Perhaps at some point you have stood around a Thanksgiving dinner table where the host makes the guests name something they are thankful for.
You rack your brain for something that sounds both earthy and spiritual.
You get nothing.
In fact, all you can think of is the recent terrorist attacks all over the world, global warming, the latest news that everything you eat causes heart attacks, and that recent cancer diagnosis your best friend is grappling with. Nope. Nothing to be thankful for.
It’s at this point that gratitude becomes a discipline; not just a nice idea. We always have something for which to be grateful; but we don’t always have the patience, courage, or discipline to really enter into that higher part of ourselves that vibrates with gratitude and joy even in the most difficult circumstances.
We admire people who live in that space most of the time. We call them enlightened, conscious, or even saints. They inspire us; but they aren’t us. What if, though…? What would it be like if you could become that person through habit and practice? What if you could live in your highest, most authentic self with joy and gratitude; vibrating at such a high energy that stress and germs were afraid of you instead of the other way around?
“Negativity bias” is our brain’s natural home base. It’s our go-to response in a stressful world. We tend to remember the bad while forgetting the good. This served us well for the survival of the human species. We remembered bad things so we wouldn’t repeat them. Pain (whether physical or emotional or both) is a good motivator! But like some outdated computer software, that type of negative, survivalistic (stressed out) thinking doesn’t really serve us anymore.
Now we must learn a new way of seeing the world and interacting with it if we are to become resilient to the stress of living in a post-modern world. The stress of hunting, gathering, and physical survival has been replaced by the stress of a thousand toxins, noise pollution, frustration, processed foods, electric lights that keep us up until all hours, leaky guts, sedentary lifestyles, and a zeitgeist that equates stress with success.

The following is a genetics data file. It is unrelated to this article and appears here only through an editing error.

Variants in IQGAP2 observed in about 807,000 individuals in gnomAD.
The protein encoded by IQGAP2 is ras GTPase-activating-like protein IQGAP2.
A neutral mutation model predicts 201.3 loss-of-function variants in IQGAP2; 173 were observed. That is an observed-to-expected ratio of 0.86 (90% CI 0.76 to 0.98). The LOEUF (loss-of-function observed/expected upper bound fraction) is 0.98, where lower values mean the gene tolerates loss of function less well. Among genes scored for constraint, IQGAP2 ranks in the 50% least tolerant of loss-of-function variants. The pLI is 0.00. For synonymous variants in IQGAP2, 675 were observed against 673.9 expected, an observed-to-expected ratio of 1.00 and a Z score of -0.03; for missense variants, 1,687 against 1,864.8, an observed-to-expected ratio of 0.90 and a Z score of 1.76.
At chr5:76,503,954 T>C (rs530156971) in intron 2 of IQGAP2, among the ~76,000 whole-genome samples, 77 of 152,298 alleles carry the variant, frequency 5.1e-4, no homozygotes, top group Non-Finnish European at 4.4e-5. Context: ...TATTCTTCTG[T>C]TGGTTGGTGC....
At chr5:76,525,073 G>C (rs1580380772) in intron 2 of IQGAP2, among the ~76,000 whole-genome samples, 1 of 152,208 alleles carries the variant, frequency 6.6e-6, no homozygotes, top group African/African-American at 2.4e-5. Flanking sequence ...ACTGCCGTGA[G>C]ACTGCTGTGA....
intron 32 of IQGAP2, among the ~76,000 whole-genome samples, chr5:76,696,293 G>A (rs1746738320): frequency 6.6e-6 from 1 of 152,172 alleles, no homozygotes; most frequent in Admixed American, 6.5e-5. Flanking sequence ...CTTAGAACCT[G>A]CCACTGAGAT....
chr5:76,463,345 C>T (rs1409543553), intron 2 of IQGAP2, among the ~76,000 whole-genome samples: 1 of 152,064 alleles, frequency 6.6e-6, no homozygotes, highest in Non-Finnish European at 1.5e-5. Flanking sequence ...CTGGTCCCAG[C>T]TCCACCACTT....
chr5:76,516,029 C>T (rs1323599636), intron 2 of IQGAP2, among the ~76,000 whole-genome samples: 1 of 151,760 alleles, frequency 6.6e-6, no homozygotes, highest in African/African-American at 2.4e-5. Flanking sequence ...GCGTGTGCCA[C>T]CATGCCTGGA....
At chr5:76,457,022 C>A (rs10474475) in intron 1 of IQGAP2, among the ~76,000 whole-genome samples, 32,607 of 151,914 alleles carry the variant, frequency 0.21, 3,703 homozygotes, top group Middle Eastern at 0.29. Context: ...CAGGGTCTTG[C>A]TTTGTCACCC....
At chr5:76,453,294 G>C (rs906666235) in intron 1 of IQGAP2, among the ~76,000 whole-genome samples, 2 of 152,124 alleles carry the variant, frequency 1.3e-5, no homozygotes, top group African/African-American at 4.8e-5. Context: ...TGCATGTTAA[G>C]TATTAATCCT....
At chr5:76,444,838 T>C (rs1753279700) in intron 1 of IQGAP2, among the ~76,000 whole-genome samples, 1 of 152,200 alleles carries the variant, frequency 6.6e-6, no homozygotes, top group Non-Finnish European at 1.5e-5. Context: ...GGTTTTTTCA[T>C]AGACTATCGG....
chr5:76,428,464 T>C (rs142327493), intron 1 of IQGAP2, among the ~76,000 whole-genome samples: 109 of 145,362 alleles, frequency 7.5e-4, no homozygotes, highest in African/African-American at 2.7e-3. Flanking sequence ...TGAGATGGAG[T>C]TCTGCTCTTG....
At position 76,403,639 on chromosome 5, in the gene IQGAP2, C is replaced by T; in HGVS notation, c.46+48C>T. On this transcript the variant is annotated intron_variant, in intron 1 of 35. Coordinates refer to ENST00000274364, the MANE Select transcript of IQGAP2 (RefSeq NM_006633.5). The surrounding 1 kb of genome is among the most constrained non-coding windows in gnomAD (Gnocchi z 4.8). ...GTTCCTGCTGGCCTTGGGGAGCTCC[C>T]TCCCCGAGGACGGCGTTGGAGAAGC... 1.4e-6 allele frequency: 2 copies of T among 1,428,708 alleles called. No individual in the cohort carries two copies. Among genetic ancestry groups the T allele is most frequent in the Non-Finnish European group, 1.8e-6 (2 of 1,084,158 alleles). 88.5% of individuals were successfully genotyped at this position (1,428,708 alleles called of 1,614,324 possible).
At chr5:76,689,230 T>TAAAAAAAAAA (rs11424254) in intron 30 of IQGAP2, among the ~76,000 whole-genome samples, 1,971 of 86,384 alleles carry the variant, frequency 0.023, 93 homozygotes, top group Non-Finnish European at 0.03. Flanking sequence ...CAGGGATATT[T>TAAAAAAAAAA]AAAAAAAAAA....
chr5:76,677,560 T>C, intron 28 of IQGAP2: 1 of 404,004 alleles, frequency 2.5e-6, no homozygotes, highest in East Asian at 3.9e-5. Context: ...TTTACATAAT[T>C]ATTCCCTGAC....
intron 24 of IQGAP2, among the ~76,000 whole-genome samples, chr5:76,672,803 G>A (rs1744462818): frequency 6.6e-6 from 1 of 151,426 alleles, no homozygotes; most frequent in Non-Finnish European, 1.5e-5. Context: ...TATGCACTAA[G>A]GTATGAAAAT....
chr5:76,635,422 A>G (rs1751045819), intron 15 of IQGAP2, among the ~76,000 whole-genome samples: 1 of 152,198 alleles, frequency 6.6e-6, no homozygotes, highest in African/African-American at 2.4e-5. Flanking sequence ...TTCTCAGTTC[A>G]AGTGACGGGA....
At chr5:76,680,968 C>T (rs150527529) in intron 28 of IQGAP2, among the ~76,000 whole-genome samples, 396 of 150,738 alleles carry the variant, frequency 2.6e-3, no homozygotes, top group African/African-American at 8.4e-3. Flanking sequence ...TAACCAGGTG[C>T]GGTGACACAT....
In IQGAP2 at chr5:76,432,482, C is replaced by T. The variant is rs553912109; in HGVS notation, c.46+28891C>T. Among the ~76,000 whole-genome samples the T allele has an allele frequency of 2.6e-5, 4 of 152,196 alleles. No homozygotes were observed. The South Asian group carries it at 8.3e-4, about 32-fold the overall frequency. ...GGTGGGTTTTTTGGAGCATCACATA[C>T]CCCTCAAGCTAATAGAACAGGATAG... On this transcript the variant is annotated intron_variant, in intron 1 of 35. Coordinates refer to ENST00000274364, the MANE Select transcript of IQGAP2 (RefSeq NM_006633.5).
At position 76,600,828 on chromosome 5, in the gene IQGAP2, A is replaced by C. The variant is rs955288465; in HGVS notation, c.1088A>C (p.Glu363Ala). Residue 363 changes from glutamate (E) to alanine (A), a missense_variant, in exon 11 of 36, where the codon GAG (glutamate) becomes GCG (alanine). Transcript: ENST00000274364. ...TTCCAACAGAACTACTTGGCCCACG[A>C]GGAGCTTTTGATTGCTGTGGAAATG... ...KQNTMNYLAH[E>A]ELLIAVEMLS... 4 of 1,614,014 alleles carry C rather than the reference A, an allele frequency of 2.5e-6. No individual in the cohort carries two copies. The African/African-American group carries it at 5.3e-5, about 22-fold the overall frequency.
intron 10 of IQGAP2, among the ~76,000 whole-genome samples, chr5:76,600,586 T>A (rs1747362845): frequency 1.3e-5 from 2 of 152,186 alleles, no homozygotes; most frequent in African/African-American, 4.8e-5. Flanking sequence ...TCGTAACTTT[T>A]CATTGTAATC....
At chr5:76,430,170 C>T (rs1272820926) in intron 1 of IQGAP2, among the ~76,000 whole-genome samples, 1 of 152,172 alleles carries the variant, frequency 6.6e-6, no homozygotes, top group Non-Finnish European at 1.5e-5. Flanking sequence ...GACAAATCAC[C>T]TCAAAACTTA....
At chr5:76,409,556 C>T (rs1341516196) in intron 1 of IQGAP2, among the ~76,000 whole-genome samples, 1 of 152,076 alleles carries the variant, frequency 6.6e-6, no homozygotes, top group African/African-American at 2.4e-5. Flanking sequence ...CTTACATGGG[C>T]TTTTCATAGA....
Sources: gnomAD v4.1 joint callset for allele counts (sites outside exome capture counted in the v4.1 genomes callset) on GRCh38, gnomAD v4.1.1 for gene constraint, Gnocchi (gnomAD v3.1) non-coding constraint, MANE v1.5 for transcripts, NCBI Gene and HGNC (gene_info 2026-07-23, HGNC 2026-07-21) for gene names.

Gratitude Rewires Your Brain
Fortunately, we humans were gifted with amazing brains that are neuroplastic. Basically that means that you can teach an old dog new tricks! Your brain can actually rewire itself by practicing a habit repeatedly. In this case, that habit would be gratitude. And it is a discipline. It is a choice to look around and take in the beauty that surrounds us instead of seeing the ugly. It’s a choice to remember the good and let go of the bad. It’s a conscious decision to find things for which to be grateful each and every day. It’s difficult; but it’s worth it.
Both the New York Times and Forbes magazine recently documented this brain phenomenon. In their timely articles, they showed that gratitude stimulates the hypothalamus—part of the brain that regulates the stress response—as well as the ventral tegmental area of the brain that is in charge of pleasure and reward. This practice of gratitude improves both physical and mental health. Practicing gratitude every day is one of the best ways to increase resiliency to stress because it provides counterbalance to all the negativity and cynicism that surrounds us. You only have one wild and precious life. Instead of spending it stressed out; try practicing gratitude instead.
How To Combat Stress With Gratitude
- Keep a gratitude journal for one year. Every day write five things down in the journal for which you are grateful. Only rule? You can’t repeat any of the items for the whole year.
- Each week contact someone who has been a part of your journey; thanking them for their input in your life.
- Every night at the dinner table, go around the table and ask each member of the family what he or she is grateful for this day. Be specific, and avoid the general stuff like, “family, friends, etc.” Encourage answers like, “My friend Jason invited me to his birthday party;” or “I’m grateful mom reminded me to wear my gloves today.”
America's leading stress expert, Dr. Pete Sulack (http://www.drpetesulack.com) is a highly sought-after teacher, lecturer, and author. His studies on the effects of stress, coupled with over one-million patient visits and attention from medical communities led him to write and create Unhealthy Anonymous to help individuals, corporations and non-profits mitigate the immense effects of stress on health and human behavior.